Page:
Asthma is a condition that causes your airways to swell and narrow. It’s a common condition that affects approximately 1 in 13 people in the United States.

Experts aren’t sure what causes some people to develop asthma, but environmental factors and genetics appear to play a role. Asthma can be triggered by a number of things, including common allergens, such as:

Symptoms can vary from mild to severe and may include:

  • shortness of breath
  • chest tightness
  • coughing
  • wheezing

Pneumonia

Pneumonia is a lung infection that can be caused by bacteria, a virus, or fungus. It can cause alveoli to fill with fluid or pus, making it difficult for you to breathe.

The condition can vary from mild to severe, depending on the cause and factors, such as your age and overall health. People over the age of 65, those with heart conditions, and people with a compromised immune system have a higher risk for severe pneumonia.

Pneumonia symptoms include:

Chronic bronchitis

Bronchitis is the inflammation of the lining of your bronchial tubes. The bronchial tubes carry air to and from your lungs.

Unlike acute bronchitis that comes on suddenly, chronic bronchitis develops over time and causes recurrent episodes that can last months or even years. The chronic inflammation results in excessive mucus buildup in your airways, which resists airflow in and out of your lungs and continues to worsen. Many people with chronic bronchitis eventually develop emphysema and COPD.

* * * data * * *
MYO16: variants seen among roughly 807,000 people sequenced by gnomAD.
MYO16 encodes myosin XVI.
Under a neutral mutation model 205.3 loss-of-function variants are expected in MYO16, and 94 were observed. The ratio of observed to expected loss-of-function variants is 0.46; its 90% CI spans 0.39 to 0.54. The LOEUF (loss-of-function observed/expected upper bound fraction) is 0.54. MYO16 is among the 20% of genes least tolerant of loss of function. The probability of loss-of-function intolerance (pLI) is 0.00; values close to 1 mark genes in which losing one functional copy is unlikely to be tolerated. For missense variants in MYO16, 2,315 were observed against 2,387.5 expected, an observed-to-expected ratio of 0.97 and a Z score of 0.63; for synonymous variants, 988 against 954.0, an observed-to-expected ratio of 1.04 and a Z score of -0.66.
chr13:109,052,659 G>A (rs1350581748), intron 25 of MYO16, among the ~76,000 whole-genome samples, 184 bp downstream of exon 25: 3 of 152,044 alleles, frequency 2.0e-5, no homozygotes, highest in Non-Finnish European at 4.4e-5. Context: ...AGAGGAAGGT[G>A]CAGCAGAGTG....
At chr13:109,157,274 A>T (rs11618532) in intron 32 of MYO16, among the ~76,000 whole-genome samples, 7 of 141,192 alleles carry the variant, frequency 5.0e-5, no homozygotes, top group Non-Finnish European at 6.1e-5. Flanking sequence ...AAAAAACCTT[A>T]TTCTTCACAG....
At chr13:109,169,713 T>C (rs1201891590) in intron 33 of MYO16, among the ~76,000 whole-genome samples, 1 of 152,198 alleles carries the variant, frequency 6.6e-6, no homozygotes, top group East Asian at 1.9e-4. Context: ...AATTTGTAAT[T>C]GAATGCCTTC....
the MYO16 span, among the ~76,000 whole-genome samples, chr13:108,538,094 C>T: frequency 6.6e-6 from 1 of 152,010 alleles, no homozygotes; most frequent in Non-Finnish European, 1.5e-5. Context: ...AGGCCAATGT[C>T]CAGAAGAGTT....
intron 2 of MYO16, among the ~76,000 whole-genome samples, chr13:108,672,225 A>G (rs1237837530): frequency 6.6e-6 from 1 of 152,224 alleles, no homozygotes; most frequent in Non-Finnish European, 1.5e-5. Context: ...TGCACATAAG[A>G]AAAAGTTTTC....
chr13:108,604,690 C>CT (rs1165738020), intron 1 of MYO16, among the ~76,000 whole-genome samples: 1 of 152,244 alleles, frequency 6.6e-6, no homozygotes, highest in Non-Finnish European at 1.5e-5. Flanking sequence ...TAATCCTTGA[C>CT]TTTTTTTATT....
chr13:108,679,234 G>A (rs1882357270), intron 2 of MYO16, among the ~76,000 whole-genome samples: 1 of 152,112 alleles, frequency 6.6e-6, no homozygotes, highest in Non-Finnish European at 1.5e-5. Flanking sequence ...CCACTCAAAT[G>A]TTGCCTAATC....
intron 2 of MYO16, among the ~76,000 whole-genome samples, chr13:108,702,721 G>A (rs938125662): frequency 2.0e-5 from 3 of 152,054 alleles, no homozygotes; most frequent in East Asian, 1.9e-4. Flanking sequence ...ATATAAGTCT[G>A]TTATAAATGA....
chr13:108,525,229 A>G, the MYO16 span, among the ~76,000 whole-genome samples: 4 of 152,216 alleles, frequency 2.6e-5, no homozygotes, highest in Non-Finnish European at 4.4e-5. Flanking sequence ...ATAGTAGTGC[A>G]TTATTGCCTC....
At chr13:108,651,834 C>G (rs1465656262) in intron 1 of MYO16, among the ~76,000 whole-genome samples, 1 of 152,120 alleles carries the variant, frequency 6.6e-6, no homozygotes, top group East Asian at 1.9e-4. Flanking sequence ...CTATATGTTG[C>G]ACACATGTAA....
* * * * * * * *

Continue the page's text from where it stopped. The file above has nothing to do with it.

Symptoms of chronic bronchitis include:

  • chronic cough
  • thick, discolored mucus
  • shortness of breath
  • wheezing
  • chest pain

Pulmonary edema

Pulmonary edema, also known as pulmonary congestion or lung congestion, is a condition caused by excess fluid in the lungs. The fluid interferes with your body’s ability to get enough oxygen to your bloodstream.

It’s often caused by heart problems, such as congestive heart failure, but can also be caused by trauma to the chest, pneumonia, and exposure to toxins or high altitudes.

Symptoms include:

Airway obstruction

Airway obstruction is a blockage of any part of your airway. It can be caused by swallowing or inhaling a foreign object, or by:

An airway blockage can be mild, blocking only some airflow, to severe enough to cause a complete blockage, which is a medical emergency.

Pulmonary embolism

A pulmonary embolism is a blood clot in the lungs. A blood clot restricts blood flow, which can damage the lung and other organs.

They are most often caused by deep vein thrombosis, which are blood clots that begin in veins in other parts of the body, often the legs. Blood clots can be caused by injuries or damage to blood vessels, medical conditions, and being inactive for long periods.

Shortness of breath, chest pain, and irregular heartbeat are common symptoms.

Obstructive sleep apnea

Obstructive sleep apnea is characterized by a decrease in airflow while asleep. It affects at least 3 percent of the total population, but the risk is much higher for people with obesity, according to the American Sleep Apnea Association.

Common symptoms for those with sleep apnea include:

Smoking

Cigarette smoke is another risk factor for a V/Q mismatch and other conditions because prolonged exposure to smoke can cause airway inflammation and airspace enlargement. Both can restrict airflow.